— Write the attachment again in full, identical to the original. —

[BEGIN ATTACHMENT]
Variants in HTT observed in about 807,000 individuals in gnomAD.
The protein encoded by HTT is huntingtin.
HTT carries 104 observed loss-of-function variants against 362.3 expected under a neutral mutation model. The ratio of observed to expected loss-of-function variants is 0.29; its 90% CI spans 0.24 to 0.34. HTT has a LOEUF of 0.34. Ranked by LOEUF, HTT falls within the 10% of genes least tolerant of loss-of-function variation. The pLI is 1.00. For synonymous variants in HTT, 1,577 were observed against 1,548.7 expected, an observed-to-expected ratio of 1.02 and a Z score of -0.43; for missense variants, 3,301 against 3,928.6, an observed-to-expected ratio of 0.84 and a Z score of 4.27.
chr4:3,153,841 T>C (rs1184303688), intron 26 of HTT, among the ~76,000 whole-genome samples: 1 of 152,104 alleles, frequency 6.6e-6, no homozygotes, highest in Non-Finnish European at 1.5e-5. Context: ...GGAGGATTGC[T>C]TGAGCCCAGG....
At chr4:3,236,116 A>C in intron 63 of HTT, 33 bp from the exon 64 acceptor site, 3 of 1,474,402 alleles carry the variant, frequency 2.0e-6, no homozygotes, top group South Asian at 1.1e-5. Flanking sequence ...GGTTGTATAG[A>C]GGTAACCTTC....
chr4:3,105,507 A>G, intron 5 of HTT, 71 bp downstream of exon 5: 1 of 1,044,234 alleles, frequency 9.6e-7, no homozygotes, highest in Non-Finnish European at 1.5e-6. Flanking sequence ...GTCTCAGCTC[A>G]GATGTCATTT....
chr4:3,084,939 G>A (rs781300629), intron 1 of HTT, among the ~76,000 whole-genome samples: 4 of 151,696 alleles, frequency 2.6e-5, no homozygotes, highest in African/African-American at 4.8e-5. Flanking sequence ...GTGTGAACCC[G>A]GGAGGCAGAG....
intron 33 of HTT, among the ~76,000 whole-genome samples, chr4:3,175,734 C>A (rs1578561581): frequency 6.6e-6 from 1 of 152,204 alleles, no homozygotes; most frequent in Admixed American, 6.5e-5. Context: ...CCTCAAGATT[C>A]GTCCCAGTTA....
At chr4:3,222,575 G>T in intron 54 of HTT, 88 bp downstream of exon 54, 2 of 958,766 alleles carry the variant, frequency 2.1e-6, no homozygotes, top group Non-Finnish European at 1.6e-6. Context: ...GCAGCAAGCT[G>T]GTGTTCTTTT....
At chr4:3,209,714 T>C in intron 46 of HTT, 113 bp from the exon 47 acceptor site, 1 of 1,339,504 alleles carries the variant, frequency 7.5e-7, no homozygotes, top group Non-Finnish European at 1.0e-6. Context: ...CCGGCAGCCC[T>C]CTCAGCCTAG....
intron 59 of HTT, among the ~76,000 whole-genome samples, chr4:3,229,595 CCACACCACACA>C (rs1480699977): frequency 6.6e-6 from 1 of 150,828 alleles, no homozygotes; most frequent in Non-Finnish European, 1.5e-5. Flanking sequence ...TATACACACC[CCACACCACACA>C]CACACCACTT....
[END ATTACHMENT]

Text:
Variants in HTT observed in about 807,000 individuals in gnomAD.
The protein encoded by HTT is huntingtin.
HTT carries 104 observed loss-of-function variants against 362.3 expected under a neutral mutation model. The ratio of observed to expected loss-of-function variants is 0.29; its 90% CI spans 0.24 to 0.34. HTT has a LOEUF of 0.34. Ranked by LOEUF, HTT falls within the 10% of genes least tolerant of loss-of-function variation. The pLI is 1.00. For synonymous variants in HTT, 1,577 were observed against 1,548.7 expected, an observed-to-expected ratio of 1.02 and a Z score of -0.43; for missense variants, 3,301 against 3,928.6, an observed-to-expected ratio of 0.84 and a Z score of 4.27.
chr4:3,153,841 T>C (rs1184303688), intron 26 of HTT, among the ~76,000 whole-genome samples: 1 of 152,104 alleles, frequency 6.6e-6, no homozygotes, highest in Non-Finnish European at 1.5e-5. Context: ...GGAGGATTGC[T>C]TGAGCCCAGG....
At chr4:3,236,116 A>C in intron 63 of HTT, 33 bp from the exon 64 acceptor site, 3 of 1,474,402 alleles carry the variant, frequency 2.0e-6, no homozygotes, top group South Asian at 1.1e-5. Flanking sequence ...GGTTGTATAG[A>C]GGTAACCTTC....
chr4:3,105,507 A>G, intron 5 of HTT, 71 bp downstream of exon 5: 1 of 1,044,234 alleles, frequency 9.6e-7, no homozygotes, highest in Non-Finnish European at 1.5e-6. Flanking sequence ...GTCTCAGCTC[A>G]GATGTCATTT....
chr4:3,084,939 G>A (rs781300629), intron 1 of HTT, among the ~76,000 whole-genome samples: 4 of 151,696 alleles, frequency 2.6e-5, no homozygotes, highest in African/African-American at 4.8e-5. Flanking sequence ...GTGTGAACCC[G>A]GGAGGCAGAG....
intron 33 of HTT, among the ~76,000 whole-genome samples, chr4:3,175,734 C>A (rs1578561581): frequency 6.6e-6 from 1 of 152,204 alleles, no homozygotes; most frequent in Admixed American, 6.5e-5. Context: ...CCTCAAGATT[C>A]GTCCCAGTTA....
At chr4:3,222,575 G>T in intron 54 of HTT, 88 bp downstream of exon 54, 2 of 958,766 alleles carry the variant, frequency 2.1e-6, no homozygotes, top group Non-Finnish European at 1.6e-6. Context: ...GCAGCAAGCT[G>T]GTGTTCTTTT....
At chr4:3,209,714 T>C in intron 46 of HTT, 113 bp from the exon 47 acceptor site, 1 of 1,339,504 alleles carries the variant, frequency 7.5e-7, no homozygotes, top group Non-Finnish European at 1.0e-6. Context: ...CCGGCAGCCC[T>C]CTCAGCCTAG....
intron 59 of HTT, among the ~76,000 whole-genome samples, chr4:3,229,595 CCACACCACACA>C (rs1480699977): frequency 6.6e-6 from 1 of 150,828 alleles, no homozygotes; most frequent in Non-Finnish European, 1.5e-5. Flanking sequence ...TATACACACC[CCACACCACACA>C]CACACCACTT....